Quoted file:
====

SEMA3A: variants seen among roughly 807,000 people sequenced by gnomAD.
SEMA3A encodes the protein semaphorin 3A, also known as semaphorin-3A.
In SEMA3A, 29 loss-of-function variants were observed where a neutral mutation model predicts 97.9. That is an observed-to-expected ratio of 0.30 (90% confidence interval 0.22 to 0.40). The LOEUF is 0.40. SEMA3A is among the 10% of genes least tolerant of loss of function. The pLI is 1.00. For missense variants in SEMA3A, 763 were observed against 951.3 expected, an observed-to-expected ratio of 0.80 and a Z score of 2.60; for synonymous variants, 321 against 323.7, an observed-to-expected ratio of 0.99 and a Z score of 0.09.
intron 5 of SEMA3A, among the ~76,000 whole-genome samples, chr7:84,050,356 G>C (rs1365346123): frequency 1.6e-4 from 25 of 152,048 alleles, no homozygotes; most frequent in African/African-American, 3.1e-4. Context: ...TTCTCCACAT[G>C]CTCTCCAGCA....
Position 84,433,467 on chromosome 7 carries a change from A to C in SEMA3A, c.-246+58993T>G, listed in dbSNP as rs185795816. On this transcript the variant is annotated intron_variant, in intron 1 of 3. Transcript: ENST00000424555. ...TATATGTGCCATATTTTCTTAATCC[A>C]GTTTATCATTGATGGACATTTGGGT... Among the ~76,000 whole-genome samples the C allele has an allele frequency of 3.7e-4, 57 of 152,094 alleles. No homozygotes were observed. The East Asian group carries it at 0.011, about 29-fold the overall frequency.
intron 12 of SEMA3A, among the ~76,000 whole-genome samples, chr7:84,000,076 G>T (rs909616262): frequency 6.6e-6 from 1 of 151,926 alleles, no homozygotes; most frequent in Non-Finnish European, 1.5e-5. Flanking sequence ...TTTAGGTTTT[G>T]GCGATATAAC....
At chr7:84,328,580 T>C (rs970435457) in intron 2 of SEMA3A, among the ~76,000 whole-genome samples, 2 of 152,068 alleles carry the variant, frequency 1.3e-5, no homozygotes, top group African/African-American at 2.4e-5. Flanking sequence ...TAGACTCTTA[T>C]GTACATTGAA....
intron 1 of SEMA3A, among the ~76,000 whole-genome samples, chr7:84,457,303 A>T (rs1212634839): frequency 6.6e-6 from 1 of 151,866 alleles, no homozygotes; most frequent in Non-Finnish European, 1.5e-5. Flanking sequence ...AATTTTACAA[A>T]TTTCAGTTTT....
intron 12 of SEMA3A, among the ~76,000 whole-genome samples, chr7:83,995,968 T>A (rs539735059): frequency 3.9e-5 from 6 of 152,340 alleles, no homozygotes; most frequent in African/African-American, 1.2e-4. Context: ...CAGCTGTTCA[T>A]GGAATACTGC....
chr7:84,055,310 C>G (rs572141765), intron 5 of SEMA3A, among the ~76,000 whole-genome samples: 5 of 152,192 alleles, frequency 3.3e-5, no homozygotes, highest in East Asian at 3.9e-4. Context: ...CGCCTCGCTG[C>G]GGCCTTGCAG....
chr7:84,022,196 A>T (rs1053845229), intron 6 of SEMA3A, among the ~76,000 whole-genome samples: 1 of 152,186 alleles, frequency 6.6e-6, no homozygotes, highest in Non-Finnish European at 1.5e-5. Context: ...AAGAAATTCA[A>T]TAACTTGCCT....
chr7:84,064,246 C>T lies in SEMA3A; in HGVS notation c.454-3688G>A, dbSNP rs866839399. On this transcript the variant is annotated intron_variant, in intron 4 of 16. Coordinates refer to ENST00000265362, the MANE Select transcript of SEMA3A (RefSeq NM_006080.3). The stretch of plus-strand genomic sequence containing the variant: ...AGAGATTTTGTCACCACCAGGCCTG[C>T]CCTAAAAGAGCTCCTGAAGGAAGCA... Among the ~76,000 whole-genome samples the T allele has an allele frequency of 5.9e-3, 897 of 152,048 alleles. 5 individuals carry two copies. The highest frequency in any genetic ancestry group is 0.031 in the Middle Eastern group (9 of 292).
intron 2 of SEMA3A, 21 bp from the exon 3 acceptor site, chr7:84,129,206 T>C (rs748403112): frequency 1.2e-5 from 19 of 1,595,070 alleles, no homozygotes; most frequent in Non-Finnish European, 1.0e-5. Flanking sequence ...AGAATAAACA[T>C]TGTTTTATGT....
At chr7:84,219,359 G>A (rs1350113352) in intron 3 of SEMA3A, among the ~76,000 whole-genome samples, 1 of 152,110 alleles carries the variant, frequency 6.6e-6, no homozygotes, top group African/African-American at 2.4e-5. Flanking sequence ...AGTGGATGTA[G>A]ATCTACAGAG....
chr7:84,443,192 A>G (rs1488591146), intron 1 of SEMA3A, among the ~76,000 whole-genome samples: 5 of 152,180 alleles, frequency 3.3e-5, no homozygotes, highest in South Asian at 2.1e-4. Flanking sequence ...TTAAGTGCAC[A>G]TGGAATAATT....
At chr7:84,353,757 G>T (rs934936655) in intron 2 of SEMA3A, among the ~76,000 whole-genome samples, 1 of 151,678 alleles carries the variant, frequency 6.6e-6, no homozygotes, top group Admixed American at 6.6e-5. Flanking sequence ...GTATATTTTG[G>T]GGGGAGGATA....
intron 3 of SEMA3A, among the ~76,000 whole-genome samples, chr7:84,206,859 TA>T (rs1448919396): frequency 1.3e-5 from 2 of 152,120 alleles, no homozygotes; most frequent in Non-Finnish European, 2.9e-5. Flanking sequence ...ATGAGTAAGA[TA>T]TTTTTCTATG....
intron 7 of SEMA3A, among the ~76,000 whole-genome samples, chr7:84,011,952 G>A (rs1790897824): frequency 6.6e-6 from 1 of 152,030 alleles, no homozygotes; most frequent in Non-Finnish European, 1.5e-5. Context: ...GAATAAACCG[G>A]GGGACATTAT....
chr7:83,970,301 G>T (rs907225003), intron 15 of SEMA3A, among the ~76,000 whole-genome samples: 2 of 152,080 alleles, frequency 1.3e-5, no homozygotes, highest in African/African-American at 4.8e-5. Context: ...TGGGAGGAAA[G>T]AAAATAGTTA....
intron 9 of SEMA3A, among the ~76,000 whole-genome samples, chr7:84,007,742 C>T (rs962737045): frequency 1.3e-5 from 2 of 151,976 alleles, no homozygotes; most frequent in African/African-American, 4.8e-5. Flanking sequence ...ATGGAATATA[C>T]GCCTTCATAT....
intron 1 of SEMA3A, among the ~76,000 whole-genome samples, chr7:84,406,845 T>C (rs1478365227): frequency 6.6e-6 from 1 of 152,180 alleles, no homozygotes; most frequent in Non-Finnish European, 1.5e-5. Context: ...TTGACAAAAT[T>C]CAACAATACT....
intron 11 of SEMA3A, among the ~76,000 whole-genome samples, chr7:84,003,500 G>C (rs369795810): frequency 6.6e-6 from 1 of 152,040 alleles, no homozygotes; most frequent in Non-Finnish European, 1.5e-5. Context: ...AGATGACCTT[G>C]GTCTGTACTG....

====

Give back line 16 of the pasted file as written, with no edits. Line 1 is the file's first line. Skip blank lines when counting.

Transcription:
At chr7:84,353,757 G>T (rs934936655) in intron 2 of SEMA3A, among the ~76,000 whole-genome samples, 1 of 151,678 alleles carries the variant, frequency 6.6e-6, no homozygotes, top group Admixed American at 6.6e-5. Flanking sequence ...GTATATTTTG[G>T]GGGGAGGATA....